Really Healthy Real Life
Yummy, Cool, and Easy Dairy-Free Joy
BY MAGAZINE COO MARGO MAIER-MOUL
During the summer months, when the sun goes down and the twinkling lights of the city come up, it’s time for fruit sorbet!
Tangy grapefruit, luxurious apricot-peach or any of a myriad possibilities, it’s a cool, refreshing, delicious and delightfully guilt-free treat.
And the best part is, sorbet is very simple to make at home.
Here’s the basic recipe
1 1/2 – 2 cups of fruit juice
1/4 – 1/2 cup (to taste) simple syrup
Combine juice and syrup and freeze in an ice cream maker according to the manufacturer’s instructions. Enjoy with someone you love.
Need more details?
Buy fruit juice or squeeze it yourself
Wonderful organic fruit juices are readily available and make putting together a sorbet super easy. We regularly use not-from-concentrate, unsweetened organic grapefruit, orange, apricot, cranberry-cherry, pear and peach. Try anything that appeals!
Tip I tend to prefer the juices that have some pulp or “body” to them because the final texture is more satisfying. But don’t shy away from strained or lighter juices, I’ve yet to meet one that didn’t transform into a real delight.
For the do-it-yourselfer, start with whole fruit. This is more labor intensive, but worth the effort. I got started making sorbets one afternoon when we had a ripe cantelope that wasn’t going to survive another 24 hours.
General instructions for making your own juice/puree Peel the fruit, get rid of any seeds that will trouble you, cut it into rough chunks, and toss in a food processor or blender.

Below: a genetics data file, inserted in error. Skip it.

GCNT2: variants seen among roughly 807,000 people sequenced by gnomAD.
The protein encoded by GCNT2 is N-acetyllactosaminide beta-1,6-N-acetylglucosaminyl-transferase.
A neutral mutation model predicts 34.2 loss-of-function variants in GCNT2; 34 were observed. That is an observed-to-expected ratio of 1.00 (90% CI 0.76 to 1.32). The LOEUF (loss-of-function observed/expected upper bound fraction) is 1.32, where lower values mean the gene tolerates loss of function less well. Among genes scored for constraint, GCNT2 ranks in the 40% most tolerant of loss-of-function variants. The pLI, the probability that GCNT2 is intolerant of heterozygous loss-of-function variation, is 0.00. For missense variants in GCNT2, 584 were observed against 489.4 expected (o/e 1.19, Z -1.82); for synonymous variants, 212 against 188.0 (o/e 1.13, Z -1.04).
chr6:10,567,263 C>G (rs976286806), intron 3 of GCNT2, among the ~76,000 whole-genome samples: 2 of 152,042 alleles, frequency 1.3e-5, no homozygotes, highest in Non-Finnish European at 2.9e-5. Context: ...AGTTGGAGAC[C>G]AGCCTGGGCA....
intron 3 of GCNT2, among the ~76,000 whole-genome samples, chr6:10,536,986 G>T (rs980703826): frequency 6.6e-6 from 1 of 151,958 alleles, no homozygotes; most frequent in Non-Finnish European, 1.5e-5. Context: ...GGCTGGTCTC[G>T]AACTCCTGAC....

Tip Get rid of seeds and skin before you puree. Although you can strain them out later, I find that to be more work. Some fruits can be a lot of work because of their skins, such as cherries, plums or blueberries. It’s up to you whether it ruins the texture to eat skin bits or whether it’s worth the labor to strain them out (in my opinion, these are the fruits to buy already juiced).
It really is simple.
Although you can use plain old white sugar, I prefer organic cane sugar. Put equal parts sugar and water in a saucepan and turn on the heat to medium. It melts pretty fast, so don’t go far away enough to forget that you’ve got something on the stove!
Stir it now and again until it comes to a boil. Stir thoroughly, turn off the heat, and leave to cool. When it’s no longer steaming, store in a clean jar in the refrigerator. It should keep several weeks if you don’t put your fingers in it.
How much? The amount of simple syrup to add to the fruit/juice varies
- the sweetness of fruit varies
- the amount of juice or puree you have may vary
- we all have different tastes
Personally, I like about 1/4 cup of syrup for 2 cups of naturally sweet fruit such as apricot or peach. 1/3 cup of syrup for 2 cups of grapefruit juice, probably more for lemon juice.
Experiment and discover your own preferences.
The Ice Cream Maker
I love the Cuisinart ICE-20 Frozen Yogurt, Ice Cream and Sorbet Maker for its ease of use and value. There’s no hand cranking, no salt and ice, it’s easy to clean and makes great sorbet in about 15 minutes.
I’m sure there are many other excellent machines on the market so if you already have one, by all means, drag it out of the cupboard and use it!
Yes, it’s possible to make it without a machine, but the final texture will not be as smooth or light. If you’re determined, substitute “sorbet” for “ice cream” and try these instructions: How To Make Ice Cream Without a Machine
- infuse the simple syrup with vanilla bean, ginger or fresh mint leaves
- add flavorings such as squeeze of lemon or lime juice, flavor extract such as vanilla, almond or anise to the juice
- instead of 2 cups of juice, use 1/2 cup of champagne or wine and 1 1/2 cups of fruit juice
- roughly chop up a high end dark chocolate bar to sprinkle over the top if you are feeling especially indulgent
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© 2011, The Magazine of Yoga, LLC.